I was somewhat baffled by this CD. It’s clearly a promotional tool for Stuart & Sons Pianos on the new Leatham Music label, produced by Gregory Lewis and engineered by Trevor Doddridge in All Saints Anglican Church, Albury. Fair enough, but the title, Beauties and Beasts, becomes rather confusing. The inclusion of the four-handed arrangement of Ravel’s Mother Goose Suite is fine, especially since one movement is called Beauty and the Beast. The next piece, Part 1 of Stravinsky’s The Rite of Spring, is understandable, although the abrupt, unresolved ending makes it more like a “bleeding chunk”. I was also reminded of Stravinsky’s remark that Karajan’s first interpretation of his Rite of Spring was a “pet savage, not a real one!” The second two works on the CD hardly reinforce the theme: Schubert’s Waltzes, Op 18A, radiate Biedemeier charm and Gemütlichkeit but are hardly in the same ethereal world as Ravel’s Mother Goose and I can’t for the life of me see anything primitive, let alone bestial, in the selection of Brahms’s Hungarian Dances, which complete the disc. Despite the rather jolly, not to say robust, appearance of the pianists, the playing is sensitive and imaginative, especially in the Ravel and…

April 8, 2011
CD and Other Review

Review: Never Let Me Go (Keira Knightley, Carey Mulligan, Mark Romenek)

Based on a novel by Japanese-born British author Kazuo Ishiguro, Never Let Me Go is an intelligent science fiction story that steadfastly refuses to obey genre rules and instead plays out as the high-toned literary adaptation it is. The film is set in an alternate version of England during the 1970s through to the 1990s, a country in which most major diseases have been banished via a social mechanism that only gradually becomes clear. Carey Mulligan and Keira Knightley play pupils at a very strict but undeniably strange boarding school. It takes a while to figure out the truth of their situation but discover it they eventually do. The casting is first-rate (Charlotte Rampling plays the girls’ strict headmistress) and the scenario powerful and thought-provoking. At first the film’s subtlety works in its favour by lending it an enigmatic creepiness. In the longer term, however, it tends to stifle the drama. Mark Romenek’s cautious direction is one cause, but you can also blame characters who too often surrender to their preordained fates – they have little to do dramatically other than act out a conventional lovers’ triangle (Andrew Garfield plays the linchpin). Only when the girls team up does the…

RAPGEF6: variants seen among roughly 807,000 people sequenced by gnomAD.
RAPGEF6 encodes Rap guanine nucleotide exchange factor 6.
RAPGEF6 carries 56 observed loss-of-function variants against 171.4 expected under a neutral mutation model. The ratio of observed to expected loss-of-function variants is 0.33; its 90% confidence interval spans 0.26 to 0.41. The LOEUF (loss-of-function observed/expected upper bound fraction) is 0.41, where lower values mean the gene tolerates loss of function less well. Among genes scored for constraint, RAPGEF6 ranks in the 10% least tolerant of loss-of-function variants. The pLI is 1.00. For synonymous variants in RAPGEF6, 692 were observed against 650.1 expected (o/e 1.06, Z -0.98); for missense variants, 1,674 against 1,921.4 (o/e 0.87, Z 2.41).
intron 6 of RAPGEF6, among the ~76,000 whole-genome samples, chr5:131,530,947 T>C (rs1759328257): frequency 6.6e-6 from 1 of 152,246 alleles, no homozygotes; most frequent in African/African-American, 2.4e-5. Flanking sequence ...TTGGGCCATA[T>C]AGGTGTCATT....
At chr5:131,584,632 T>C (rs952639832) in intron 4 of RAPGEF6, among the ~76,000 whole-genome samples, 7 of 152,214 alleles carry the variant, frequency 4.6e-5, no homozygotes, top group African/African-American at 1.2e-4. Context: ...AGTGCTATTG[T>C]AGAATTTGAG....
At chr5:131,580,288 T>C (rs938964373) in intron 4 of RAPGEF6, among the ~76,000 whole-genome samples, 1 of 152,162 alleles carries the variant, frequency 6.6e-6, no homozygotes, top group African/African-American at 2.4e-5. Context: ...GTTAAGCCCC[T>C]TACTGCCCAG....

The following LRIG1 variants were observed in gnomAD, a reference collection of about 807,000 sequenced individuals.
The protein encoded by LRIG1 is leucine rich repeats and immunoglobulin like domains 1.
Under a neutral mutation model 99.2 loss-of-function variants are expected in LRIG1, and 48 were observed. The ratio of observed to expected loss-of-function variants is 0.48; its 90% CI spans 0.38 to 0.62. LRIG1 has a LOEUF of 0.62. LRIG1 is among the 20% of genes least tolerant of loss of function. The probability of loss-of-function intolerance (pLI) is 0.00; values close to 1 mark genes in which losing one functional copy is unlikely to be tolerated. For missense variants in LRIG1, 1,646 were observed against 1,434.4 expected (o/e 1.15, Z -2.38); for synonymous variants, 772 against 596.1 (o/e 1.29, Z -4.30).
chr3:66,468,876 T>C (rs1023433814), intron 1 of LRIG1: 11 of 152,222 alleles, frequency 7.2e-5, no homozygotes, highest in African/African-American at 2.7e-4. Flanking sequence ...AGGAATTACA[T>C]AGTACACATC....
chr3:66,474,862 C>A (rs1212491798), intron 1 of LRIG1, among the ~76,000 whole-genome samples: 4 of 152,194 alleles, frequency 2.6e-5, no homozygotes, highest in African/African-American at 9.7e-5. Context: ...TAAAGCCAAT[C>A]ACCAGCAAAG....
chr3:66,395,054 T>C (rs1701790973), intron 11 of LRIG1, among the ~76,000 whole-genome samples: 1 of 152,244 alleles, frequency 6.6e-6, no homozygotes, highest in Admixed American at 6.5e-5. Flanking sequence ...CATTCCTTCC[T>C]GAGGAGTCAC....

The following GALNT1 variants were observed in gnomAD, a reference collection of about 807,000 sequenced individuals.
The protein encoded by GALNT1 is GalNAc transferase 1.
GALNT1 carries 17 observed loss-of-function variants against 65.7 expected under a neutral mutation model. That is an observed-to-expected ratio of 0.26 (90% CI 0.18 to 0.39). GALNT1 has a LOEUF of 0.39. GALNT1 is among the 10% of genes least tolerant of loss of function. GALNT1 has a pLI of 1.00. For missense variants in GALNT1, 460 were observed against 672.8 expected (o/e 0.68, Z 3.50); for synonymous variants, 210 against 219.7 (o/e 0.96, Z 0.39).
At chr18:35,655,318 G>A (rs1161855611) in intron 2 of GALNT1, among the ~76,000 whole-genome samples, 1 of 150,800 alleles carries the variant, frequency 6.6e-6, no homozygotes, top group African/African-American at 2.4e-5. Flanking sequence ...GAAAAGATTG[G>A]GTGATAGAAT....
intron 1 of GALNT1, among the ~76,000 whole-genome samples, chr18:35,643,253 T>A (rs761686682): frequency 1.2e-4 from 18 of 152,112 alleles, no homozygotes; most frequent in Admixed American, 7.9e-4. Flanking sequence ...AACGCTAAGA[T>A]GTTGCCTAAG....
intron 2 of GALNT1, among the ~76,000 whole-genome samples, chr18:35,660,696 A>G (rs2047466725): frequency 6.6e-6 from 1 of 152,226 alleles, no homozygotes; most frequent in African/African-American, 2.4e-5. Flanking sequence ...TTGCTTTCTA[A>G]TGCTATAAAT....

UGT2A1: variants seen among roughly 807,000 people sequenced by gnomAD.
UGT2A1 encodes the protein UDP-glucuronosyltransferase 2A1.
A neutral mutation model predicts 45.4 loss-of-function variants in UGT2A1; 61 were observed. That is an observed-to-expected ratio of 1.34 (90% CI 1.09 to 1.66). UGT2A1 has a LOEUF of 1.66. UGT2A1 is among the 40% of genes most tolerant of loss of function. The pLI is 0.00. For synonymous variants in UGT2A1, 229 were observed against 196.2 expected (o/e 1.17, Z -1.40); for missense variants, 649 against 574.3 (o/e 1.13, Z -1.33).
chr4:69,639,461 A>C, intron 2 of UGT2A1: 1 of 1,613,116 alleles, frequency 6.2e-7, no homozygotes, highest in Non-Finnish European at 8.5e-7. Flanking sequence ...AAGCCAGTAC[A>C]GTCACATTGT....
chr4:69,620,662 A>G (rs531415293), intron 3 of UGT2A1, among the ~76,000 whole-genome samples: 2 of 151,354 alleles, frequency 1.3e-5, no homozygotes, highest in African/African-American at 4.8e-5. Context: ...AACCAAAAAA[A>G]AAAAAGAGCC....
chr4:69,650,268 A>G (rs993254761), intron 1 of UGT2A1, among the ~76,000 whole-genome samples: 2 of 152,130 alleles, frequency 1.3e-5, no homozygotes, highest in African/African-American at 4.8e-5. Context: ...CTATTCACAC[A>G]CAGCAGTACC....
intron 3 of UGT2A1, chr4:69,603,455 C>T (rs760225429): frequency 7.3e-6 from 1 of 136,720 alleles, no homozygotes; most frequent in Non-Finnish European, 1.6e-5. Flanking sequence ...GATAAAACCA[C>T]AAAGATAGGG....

April 6, 2011
CD and Other Review

Review: MENDELSSOHN Symphony No 2 Lobgesang “Hymn of Praise” (Ruth Ziesak, Mojca Erdmann, Christian Elsner, MDR Choir and SO/Markl

This distinguished performance of a much maligned work, more a symphonic cantata than a real symphony, will no doubt form another step in its rehabilitation, although it’s doubtful that Lobgesang “Hymn of Praise” will ever occupy the same exalted rank as the Scottish or Italian Symphonies. It was composed in 1840 to commemorate the 400th anniversary of printing with moveable type – it’s always intrigued me that the powers that be apparently saw fit to celebrate in religious terms the invention of what, in its time, must have caused as great an explosion of knowledge and information as the Internet and Google have done in ours. With at least one Anglican clergyman among my own ancestors, I’ve no wish to denigrate the Protestant religion, which was in itself a major liberating force in Western Europe, but with Mendelssohn everything often ends up sounding Lutheran. That said, this is an absolute cracker, as a performance, recording and interpretation. Märkl invests the opening movement with admirable vigour, as if determined to sweep away portentousness; the Adagio is also purged of etiolated Victorian piety (just!) The unusual combination of singers (two sopranos and a tenor) is also impressive: Ruth Ziesak and Mojca Erdmann…

April 5, 2011
CD and Other Review

Review: DAUGHERTY Route 66, Ghost Ranch, Sunset Strip, Time Machine (Bournemouth SO/Alsop)

Reading Daugherty’s liner notes to this collection of works for orchestra, it’s clear that what inspires his music is unpredictable and mostly extramusical. Route 66 is a big, boisterous Cadillac of a piece, intended to convey the experience of driving from Illinois to California. In only seven busy, energetic minutes, Daugherty’s writing bombards your ears with the full dynamic and textural ranges of the very capable Bournemouth Symphony. Sunset Strip follows a similar thematic vein (as the title suggests), although it is, ironically, a longer journey (composed in three movements) allowing for moments of ear-relieving sparsity. Slightly less in-your-face than the asphalt-alluding works is Ghost Ranch, inspired by the life and paintings of American artist Georgia O’Keeffe. Each contrasting movement attempts to paint a different image, each of which is described in the liner notes. I couldn’t glean much of a relationship between sound and text, but the music is harmonically varied and eminently easy on the ear – so who cares? Time Machine calls for three conductors (Alsop is joined by Mei-Ann Chen and Laura Jackson) and an orchestra split into three parts. It’s an interesting concept – but one wasted on CD. Even so, the writing is dramatic and…